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Newborn deaths reduce by 1.3 million in two decades but will take Africa 150 years to reach US/UK newborn survival levels – Study

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A new study conducted by three international bodies has shown that newborn deaths, that is deaths in the first four weeks of life (neonatal period), has reduced by 1.3 million in two decades.

Figures in the study conducted by the World Health Organisation (WHO), Save the Children and the London School of Hygiene and Tropical Medicine, show that, newborn deaths decreased from 4.6 million in 1990 to 3.3 million in 2009, but fell slightly faster since 2000.

The first week of life is considered as the riskiest week for newborns but yet many countries are only just beginning postnatal care programmes to reach mothers and babies at this critical time.

The study covering 20 years on all 193 WHO member states, indicates that newborn deaths currently account for 41% of all child deaths before the age of five. The share grew from 37% in 1990, and is likely to increase further with preterm delivery, asphyxia and severe infections, such as sepsis and pneumonia been the causes of these deaths.

A joint statement from the three bodies published on WHO’s website said fewer newborns are dying worldwide, but progress is too slow and Africa particularly is being left further behind.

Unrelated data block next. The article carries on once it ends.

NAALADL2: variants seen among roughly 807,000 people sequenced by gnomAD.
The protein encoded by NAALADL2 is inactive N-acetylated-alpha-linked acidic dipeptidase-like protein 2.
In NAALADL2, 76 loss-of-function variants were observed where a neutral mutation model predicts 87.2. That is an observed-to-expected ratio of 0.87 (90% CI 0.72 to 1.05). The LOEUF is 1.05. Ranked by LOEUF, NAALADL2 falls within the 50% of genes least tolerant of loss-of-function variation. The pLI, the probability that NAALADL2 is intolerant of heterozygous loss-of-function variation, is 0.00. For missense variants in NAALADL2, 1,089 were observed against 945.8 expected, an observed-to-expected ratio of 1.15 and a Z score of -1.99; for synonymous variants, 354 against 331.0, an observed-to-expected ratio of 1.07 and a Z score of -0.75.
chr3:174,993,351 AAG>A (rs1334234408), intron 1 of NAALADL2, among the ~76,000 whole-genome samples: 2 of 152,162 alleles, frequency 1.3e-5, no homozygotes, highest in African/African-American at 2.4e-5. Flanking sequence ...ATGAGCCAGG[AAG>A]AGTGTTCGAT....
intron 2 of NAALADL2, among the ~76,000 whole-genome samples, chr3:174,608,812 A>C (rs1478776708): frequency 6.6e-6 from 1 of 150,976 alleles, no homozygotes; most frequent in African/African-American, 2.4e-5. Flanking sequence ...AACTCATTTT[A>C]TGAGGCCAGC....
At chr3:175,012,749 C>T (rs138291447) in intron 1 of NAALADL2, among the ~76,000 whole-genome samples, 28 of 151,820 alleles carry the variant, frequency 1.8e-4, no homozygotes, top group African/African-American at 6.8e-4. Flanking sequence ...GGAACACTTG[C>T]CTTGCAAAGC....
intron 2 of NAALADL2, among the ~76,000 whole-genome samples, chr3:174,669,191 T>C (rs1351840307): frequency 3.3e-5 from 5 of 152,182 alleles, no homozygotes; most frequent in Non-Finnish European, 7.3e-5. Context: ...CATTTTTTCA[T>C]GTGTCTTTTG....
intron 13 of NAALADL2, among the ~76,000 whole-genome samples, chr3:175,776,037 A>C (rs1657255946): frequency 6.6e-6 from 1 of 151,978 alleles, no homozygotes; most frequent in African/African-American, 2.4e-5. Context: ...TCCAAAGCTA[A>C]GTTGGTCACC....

“With a reduction of 1% per year, Africa has seen the slowest progress of any region in the world. Among the 15 countries with more than 39 neonatal deaths per 1000 live births, 12 were from the WHO African Region (Angola, Burundi, Chad, Central African Republic, Democratic Republic of the Congo, Equatorial Guinea, Guinea, Guinea-Bissau, Mali, Mauritania, Mozambique, and Sierra Leone).”

“At the current rate of progress it would take the African continent more than 150 years to reach U.S. or U.K. newborn survival levels,” it said.

The statement notes that more investment into health care for women and children in the last decade when the United Nations Millennium Development Goals (MDGs) were set, “contributed to more rapid progress for the survival of mothers (2.3% per year) and children under the age of five (2.1% per year) than for newborns (1.7% per year).”

By Ekow Quandzie

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